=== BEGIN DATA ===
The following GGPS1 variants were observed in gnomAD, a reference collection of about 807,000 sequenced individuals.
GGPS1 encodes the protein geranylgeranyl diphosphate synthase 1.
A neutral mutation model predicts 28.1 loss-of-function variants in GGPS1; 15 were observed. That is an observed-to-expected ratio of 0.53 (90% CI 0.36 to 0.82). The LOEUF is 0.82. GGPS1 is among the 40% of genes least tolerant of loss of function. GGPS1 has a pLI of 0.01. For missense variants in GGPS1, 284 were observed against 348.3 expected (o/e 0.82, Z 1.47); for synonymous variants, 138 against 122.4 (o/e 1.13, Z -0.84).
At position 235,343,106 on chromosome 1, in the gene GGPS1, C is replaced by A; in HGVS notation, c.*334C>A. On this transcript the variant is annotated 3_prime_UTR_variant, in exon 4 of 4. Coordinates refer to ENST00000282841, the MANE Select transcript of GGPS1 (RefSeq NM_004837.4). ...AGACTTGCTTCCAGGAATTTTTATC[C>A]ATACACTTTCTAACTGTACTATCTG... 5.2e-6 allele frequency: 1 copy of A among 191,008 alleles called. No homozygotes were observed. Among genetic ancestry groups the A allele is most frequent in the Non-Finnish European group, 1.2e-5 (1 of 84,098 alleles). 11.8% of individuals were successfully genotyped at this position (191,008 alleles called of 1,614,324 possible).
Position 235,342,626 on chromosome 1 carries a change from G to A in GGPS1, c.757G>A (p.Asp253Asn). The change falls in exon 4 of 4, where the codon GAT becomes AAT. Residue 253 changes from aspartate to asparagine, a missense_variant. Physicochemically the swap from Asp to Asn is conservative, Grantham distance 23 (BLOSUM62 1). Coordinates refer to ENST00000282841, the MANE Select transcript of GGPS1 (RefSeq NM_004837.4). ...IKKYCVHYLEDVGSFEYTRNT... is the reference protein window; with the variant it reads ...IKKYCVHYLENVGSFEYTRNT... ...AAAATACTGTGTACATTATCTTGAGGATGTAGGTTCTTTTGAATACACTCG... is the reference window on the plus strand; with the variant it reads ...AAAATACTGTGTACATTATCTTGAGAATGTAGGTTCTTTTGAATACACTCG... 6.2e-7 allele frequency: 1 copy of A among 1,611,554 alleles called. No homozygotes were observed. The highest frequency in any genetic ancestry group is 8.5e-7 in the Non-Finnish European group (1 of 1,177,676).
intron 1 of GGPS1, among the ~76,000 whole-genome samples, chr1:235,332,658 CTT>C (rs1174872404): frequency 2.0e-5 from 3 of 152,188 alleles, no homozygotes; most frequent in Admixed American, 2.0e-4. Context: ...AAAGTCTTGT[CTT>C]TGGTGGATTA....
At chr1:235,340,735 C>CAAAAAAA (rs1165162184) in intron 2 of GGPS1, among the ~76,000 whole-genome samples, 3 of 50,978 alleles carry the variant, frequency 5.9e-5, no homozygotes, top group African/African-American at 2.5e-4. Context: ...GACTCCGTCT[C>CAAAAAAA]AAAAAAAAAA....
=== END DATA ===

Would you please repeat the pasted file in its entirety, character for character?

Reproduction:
The following GGPS1 variants were observed in gnomAD, a reference collection of about 807,000 sequenced individuals.
GGPS1 encodes the protein geranylgeranyl diphosphate synthase 1.
A neutral mutation model predicts 28.1 loss-of-function variants in GGPS1; 15 were observed. That is an observed-to-expected ratio of 0.53 (90% CI 0.36 to 0.82). The LOEUF is 0.82. GGPS1 is among the 40% of genes least tolerant of loss of function. GGPS1 has a pLI of 0.01. For missense variants in GGPS1, 284 were observed against 348.3 expected (o/e 0.82, Z 1.47); for synonymous variants, 138 against 122.4 (o/e 1.13, Z -0.84).
At position 235,343,106 on chromosome 1, in the gene GGPS1, C is replaced by A; in HGVS notation, c.*334C>A. On this transcript the variant is annotated 3_prime_UTR_variant, in exon 4 of 4. Coordinates refer to ENST00000282841, the MANE Select transcript of GGPS1 (RefSeq NM_004837.4). ...AGACTTGCTTCCAGGAATTTTTATC[C>A]ATACACTTTCTAACTGTACTATCTG... 5.2e-6 allele frequency: 1 copy of A among 191,008 alleles called. No homozygotes were observed. Among genetic ancestry groups the A allele is most frequent in the Non-Finnish European group, 1.2e-5 (1 of 84,098 alleles). 11.8% of individuals were successfully genotyped at this position (191,008 alleles called of 1,614,324 possible).
Position 235,342,626 on chromosome 1 carries a change from G to A in GGPS1, c.757G>A (p.Asp253Asn). The change falls in exon 4 of 4, where the codon GAT becomes AAT. Residue 253 changes from aspartate to asparagine, a missense_variant. Physicochemically the swap from Asp to Asn is conservative, Grantham distance 23 (BLOSUM62 1). Coordinates refer to ENST00000282841, the MANE Select transcript of GGPS1 (RefSeq NM_004837.4). ...IKKYCVHYLEDVGSFEYTRNT... is the reference protein window; with the variant it reads ...IKKYCVHYLENVGSFEYTRNT... ...AAAATACTGTGTACATTATCTTGAGGATGTAGGTTCTTTTGAATACACTCG... is the reference window on the plus strand; with the variant it reads ...AAAATACTGTGTACATTATCTTGAGAATGTAGGTTCTTTTGAATACACTCG... 6.2e-7 allele frequency: 1 copy of A among 1,611,554 alleles called. No homozygotes were observed. The highest frequency in any genetic ancestry group is 8.5e-7 in the Non-Finnish European group (1 of 1,177,676).
intron 1 of GGPS1, among the ~76,000 whole-genome samples, chr1:235,332,658 CTT>C (rs1174872404): frequency 2.0e-5 from 3 of 152,188 alleles, no homozygotes; most frequent in Admixed American, 2.0e-4. Context: ...AAAGTCTTGT[CTT>C]TGGTGGATTA....
At chr1:235,340,735 C>CAAAAAAA (rs1165162184) in intron 2 of GGPS1, among the ~76,000 whole-genome samples, 3 of 50,978 alleles carry the variant, frequency 5.9e-5, no homozygotes, top group African/African-American at 2.5e-4. Context: ...GACTCCGTCT[C>CAAAAAAA]AAAAAAAAAA....